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KOLD INVESTIGATES: Pima County considering new program that could reshape crime, punishment

Published: Feb. 8, 2021 at 3:10 PM MST|Updated: Feb. 7, 2021 at 10:39 PM MST
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TUCSON, Ariz. (KOLD News 13) - Pima County could soon adopt a new form of justice based on healing instead of punishing.

“It would be a historic first,” said Pima County Attorney Laura Conover.

Conover wants to create a Restorative Justice Program.

“It is a guided program the defendant has to go through a lot of work to show that he or she qualifies and is ready to engage in this process,” Conover said.

The program is still in the planning stage, but it would allow non-violent, remorseful adult offenders a chance to make things right with their victims. If things go well, the offenders could have their charges dropped.

Kara Hunter is the executive director of the Yolo Conflict Resolution Center in California. She helped her district attorney’s office create a similar program.

“This is a complete paradigm shift from the way that we think about crime in society,” Hunter said. “The key decisions are made by the people most affected by what took place as opposed to our traditional systems where those decisions are made by judges and attorneys. So, for a district attorney’s office to kind of relinquish that to a restorative justice process is a really big deal.”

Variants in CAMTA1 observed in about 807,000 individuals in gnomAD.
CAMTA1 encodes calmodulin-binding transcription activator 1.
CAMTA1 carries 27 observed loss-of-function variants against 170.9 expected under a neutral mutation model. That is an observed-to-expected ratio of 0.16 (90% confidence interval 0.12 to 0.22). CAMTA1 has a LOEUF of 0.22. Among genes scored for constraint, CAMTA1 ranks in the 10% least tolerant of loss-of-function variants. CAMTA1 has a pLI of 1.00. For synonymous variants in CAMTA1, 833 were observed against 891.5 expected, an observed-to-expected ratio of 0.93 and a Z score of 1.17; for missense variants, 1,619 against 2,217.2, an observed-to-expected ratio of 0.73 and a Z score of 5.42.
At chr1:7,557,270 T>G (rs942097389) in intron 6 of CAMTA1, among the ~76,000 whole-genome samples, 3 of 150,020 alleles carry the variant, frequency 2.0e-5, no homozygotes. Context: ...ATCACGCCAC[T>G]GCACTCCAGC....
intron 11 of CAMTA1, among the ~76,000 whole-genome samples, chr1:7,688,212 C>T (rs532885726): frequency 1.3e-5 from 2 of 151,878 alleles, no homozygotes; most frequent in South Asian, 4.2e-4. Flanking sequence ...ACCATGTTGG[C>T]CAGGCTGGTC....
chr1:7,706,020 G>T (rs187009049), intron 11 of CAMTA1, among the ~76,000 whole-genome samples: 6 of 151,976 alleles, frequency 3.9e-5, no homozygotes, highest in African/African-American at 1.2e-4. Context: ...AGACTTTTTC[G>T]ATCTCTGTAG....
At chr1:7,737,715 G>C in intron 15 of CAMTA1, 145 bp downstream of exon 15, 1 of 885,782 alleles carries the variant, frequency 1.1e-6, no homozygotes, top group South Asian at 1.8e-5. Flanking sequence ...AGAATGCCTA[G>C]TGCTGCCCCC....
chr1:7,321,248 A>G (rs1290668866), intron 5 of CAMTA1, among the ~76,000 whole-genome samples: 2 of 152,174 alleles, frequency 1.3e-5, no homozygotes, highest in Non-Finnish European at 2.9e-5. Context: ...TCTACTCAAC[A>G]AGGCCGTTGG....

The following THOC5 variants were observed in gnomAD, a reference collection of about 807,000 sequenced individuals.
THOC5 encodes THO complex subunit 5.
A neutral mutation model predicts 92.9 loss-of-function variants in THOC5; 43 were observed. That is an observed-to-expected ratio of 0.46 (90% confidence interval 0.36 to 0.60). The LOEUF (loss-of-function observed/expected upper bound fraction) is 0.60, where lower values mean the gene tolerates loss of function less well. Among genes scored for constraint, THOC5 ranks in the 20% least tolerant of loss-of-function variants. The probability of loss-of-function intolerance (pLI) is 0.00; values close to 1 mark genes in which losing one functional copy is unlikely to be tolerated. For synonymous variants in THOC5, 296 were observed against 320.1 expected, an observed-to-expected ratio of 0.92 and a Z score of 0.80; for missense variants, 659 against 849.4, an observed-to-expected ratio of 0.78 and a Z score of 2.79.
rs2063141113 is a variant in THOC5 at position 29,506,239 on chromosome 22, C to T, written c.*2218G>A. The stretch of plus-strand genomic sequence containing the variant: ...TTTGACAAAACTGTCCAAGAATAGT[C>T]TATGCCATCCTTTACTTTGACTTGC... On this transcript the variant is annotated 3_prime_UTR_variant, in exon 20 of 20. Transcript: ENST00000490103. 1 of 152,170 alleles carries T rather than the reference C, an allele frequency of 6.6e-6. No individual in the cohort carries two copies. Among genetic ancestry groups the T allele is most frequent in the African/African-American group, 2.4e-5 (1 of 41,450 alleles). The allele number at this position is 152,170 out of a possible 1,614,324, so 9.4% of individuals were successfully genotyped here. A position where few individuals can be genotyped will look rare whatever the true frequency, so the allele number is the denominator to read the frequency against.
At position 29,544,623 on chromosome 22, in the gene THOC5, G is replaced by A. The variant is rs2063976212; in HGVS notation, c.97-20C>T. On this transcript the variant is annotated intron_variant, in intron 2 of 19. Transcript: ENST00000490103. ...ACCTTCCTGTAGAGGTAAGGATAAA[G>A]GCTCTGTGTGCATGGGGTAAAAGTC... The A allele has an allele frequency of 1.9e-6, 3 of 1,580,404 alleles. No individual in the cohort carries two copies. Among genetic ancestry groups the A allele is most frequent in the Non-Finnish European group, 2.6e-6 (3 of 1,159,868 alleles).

Hunter said when the victim and offender want to go through the process together, it can be transformative for both parties.

“Any restorative justice process is meant to be victim centered. It is an opportunity for the victim to share with the offender who they have been impacted and it can be really empowering for a victim to get to say that to someone that has caused them harm. Additionally, they get to talk about what their needs are, what they need to see happen to feel like they can start to be made whole again,” Hunter said.

Hunter said results vary because the process allows for flexibility.

Yolo County launched its restorative justice program in 2013.

Staff found participants of the program are about nine times less likely to reoffend after completing the program than those who are convicted and sentenced to jail time.

“Results across the country are just extraordinary,” Conover said.

Conover said as much as she wants to pursue restorative justice for the health of the community, it could have an impact on the backlog of cases building due to the pandemic.

“Cases are stalled out so only the most critical motions and hearings are being heard,” she said. “So, having something outside the system...those victims are getting justice a heck of a lot quicker than the system can normally provide.”

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